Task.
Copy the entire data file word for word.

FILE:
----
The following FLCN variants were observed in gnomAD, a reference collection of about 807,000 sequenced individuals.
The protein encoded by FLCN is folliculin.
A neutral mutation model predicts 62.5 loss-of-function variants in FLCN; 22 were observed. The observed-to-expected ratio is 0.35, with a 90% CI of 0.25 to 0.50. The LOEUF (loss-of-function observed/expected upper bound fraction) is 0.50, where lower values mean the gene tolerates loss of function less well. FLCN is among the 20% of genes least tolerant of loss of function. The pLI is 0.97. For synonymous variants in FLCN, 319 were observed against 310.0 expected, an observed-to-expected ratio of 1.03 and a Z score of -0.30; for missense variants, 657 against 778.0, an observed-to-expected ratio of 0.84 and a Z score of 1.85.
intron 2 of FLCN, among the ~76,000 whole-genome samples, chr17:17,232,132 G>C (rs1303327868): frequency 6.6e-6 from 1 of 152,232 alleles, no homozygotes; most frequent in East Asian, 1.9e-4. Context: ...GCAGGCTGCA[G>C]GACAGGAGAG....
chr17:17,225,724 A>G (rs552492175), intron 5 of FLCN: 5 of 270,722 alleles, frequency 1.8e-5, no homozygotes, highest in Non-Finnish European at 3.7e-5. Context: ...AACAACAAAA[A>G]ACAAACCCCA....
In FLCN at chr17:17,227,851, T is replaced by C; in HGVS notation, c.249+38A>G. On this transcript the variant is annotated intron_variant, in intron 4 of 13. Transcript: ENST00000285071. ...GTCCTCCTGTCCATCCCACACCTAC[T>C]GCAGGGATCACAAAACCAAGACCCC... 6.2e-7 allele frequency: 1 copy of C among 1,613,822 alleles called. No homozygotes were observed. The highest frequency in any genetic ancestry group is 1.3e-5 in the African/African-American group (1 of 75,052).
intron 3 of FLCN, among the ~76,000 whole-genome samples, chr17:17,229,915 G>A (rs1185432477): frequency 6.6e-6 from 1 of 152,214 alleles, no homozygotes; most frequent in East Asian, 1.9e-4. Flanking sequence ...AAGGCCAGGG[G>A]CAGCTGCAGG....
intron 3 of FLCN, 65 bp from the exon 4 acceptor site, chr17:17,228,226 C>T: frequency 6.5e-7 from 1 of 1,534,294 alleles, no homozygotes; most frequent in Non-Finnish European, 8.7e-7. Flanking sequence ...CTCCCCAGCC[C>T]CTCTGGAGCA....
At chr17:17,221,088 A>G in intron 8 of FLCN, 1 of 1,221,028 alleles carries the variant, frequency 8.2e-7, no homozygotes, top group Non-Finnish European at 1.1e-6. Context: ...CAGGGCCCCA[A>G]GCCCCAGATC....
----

The following FLCN variants were observed in gnomAD, a reference collection of about 807,000 sequenced individuals.
The protein encoded by FLCN is folliculin.
A neutral mutation model predicts 62.5 loss-of-function variants in FLCN; 22 were observed. The observed-to-expected ratio is 0.35, with a 90% CI of 0.25 to 0.50. The LOEUF (loss-of-function observed/expected upper bound fraction) is 0.50, where lower values mean the gene tolerates loss of function less well. FLCN is among the 20% of genes least tolerant of loss of function. The pLI is 0.97. For synonymous variants in FLCN, 319 were observed against 310.0 expected, an observed-to-expected ratio of 1.03 and a Z score of -0.30; for missense variants, 657 against 778.0, an observed-to-expected ratio of 0.84 and a Z score of 1.85.
intron 2 of FLCN, among the ~76,000 whole-genome samples, chr17:17,232,132 G>C (rs1303327868): frequency 6.6e-6 from 1 of 152,232 alleles, no homozygotes; most frequent in East Asian, 1.9e-4. Context: ...GCAGGCTGCA[G>C]GACAGGAGAG....
chr17:17,225,724 A>G (rs552492175), intron 5 of FLCN: 5 of 270,722 alleles, frequency 1.8e-5, no homozygotes, highest in Non-Finnish European at 3.7e-5. Context: ...AACAACAAAA[A>G]ACAAACCCCA....
In FLCN at chr17:17,227,851, T is replaced by C; in HGVS notation, c.249+38A>G. On this transcript the variant is annotated intron_variant, in intron 4 of 13. Transcript: ENST00000285071. ...GTCCTCCTGTCCATCCCACACCTAC[T>C]GCAGGGATCACAAAACCAAGACCCC... 6.2e-7 allele frequency: 1 copy of C among 1,613,822 alleles called. No homozygotes were observed. The highest frequency in any genetic ancestry group is 1.3e-5 in the African/African-American group (1 of 75,052).
intron 3 of FLCN, among the ~76,000 whole-genome samples, chr17:17,229,915 G>A (rs1185432477): frequency 6.6e-6 from 1 of 152,214 alleles, no homozygotes; most frequent in East Asian, 1.9e-4. Flanking sequence ...AAGGCCAGGG[G>A]CAGCTGCAGG....
intron 3 of FLCN, 65 bp from the exon 4 acceptor site, chr17:17,228,226 C>T: frequency 6.5e-7 from 1 of 1,534,294 alleles, no homozygotes; most frequent in Non-Finnish European, 8.7e-7. Flanking sequence ...CTCCCCAGCC[C>T]CTCTGGAGCA....
At chr17:17,221,088 A>G in intron 8 of FLCN, 1 of 1,221,028 alleles carries the variant, frequency 8.2e-7, no homozygotes, top group Non-Finnish European at 1.1e-6. Context: ...CAGGGCCCCA[A>G]GCCCCAGATC....